Spontaneous Pneumothorax in a Dog
A 9-year-old, male, Jack Russell Terrier was presented for acute severe dyspnoea. Initial emergency care, including oxygen supplementation, intravenous uid therapy and preliminary blood and blood gas analysis, was provided. Thoracic radiographs identied a large volume pneumothorax.
Thoracocentesis provided only temporary improvement and a thoracostomy tube was placed, with local analgesia, to facilitate pleural drainage. Despite this, frequent drainage was necessary and large volumes of air were collected on each occasion. CT examination of the thorax was performed, identifying residual pleural air and a localised accumulation of air in the dorsal aspect of the left cranial lung lobe. Left intercostal thoracotomy was performed. There was a large, air-lled bulla on the cranial margin of the cranial portion of the left cranial lung lobe. The bulla lled with inspiration and a defect, approximately 3mm in length was leaking oxygen and ventilated anaesthetic gases. Partial lung lobectomy was performed, the thoracostomy tube was retained and the thorax closed routinely. The dog recovered well and was discharged on the second post-operative day.
Cystic/bullous lung disease includes pulmonary cysts, blebs, bullae and pnaeumatocoeles. Cysts are congenital or acquired and are lined by respiratory epithelium. Blebs are accumulations of air beneath the visceral pleura but outside the pulmonary parenchyma. Bullae result from rupture and coalescence of alveoli secondary to emphysema, inammation, trauma or idiopathic causes. Pneumatocoeles are accumulations of air in other lesions, such as tumours or abscesses. Many cases have more than one lesion, with more than half of cases in one study having bilateral lesions. Pre-operative imaging is particularly valuable as it not only allows a provisional diagnosis but it also directs the surgical approach. Cysts or bullae may be identified on radiographs but radiography is signicantly less sensitive than CT in identifying lesions. In one study, 4 of 17 lesions were identied radiographically, compared with 13/17 using CT.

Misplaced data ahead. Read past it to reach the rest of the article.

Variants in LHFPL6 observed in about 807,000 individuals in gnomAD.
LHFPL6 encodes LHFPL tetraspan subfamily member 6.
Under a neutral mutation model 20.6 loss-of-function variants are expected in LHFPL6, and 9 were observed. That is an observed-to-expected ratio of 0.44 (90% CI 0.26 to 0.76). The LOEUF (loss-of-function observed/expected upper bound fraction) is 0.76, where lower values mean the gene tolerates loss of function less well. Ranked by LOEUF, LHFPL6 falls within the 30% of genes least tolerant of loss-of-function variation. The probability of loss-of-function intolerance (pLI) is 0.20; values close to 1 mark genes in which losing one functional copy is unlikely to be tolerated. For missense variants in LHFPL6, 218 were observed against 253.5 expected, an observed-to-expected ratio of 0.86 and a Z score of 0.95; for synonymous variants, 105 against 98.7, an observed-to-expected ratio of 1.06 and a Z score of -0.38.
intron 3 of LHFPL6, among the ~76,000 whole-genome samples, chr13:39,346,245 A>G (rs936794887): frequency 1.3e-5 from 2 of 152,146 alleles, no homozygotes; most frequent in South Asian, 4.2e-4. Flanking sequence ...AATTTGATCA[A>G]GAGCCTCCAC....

Patients with spontaneous pneumothorax secondary to pulmonary cystic or bullous disease rarely respond to conservative management. Surgical excision is generally eective in controlling the leakage of air, but the ultimate prognosis is dependent on controlling of the primary cause. The prognosis with bullous emphysema for example, is guarded to poor, as the bullae are often numerous and continue to develop post-operatively. The prognosis after excision of solitary lesions is generally good, although follow-up thoracic imaging at regular intervals has been recommended to monitor for recurrence.
A number of surgical approaches may be taken to the thorax to excise cysts and bullae. Intercostal thoracotomy is effective for single or localised lesions, but for more extensive or bilateral disease, a median sternotomy may be necessary. Alternatively, thoracoscopy has been reported for partial lung lobectomy to address multiple lesions.
Rehabilitation includes treatments such as applying ice, myotherapy, passive range of motion, weight shifting exercises, encouraging/ activating proprioception, physiotherapy, muscle strengthening exercises and hydrotherapy.
Two frequently asked questions when it comes to extracapsular stabilisation of cruciate disease are 1. What suture material should I use; and 2. What suture configuration should I use and how do I secure the suture.
A large number of surgical techniques have been investigated and advocated for its treatment, but so far, none have been able to replicate laryngeal function and aspiration pneumonia remains a considerable post-operative concern.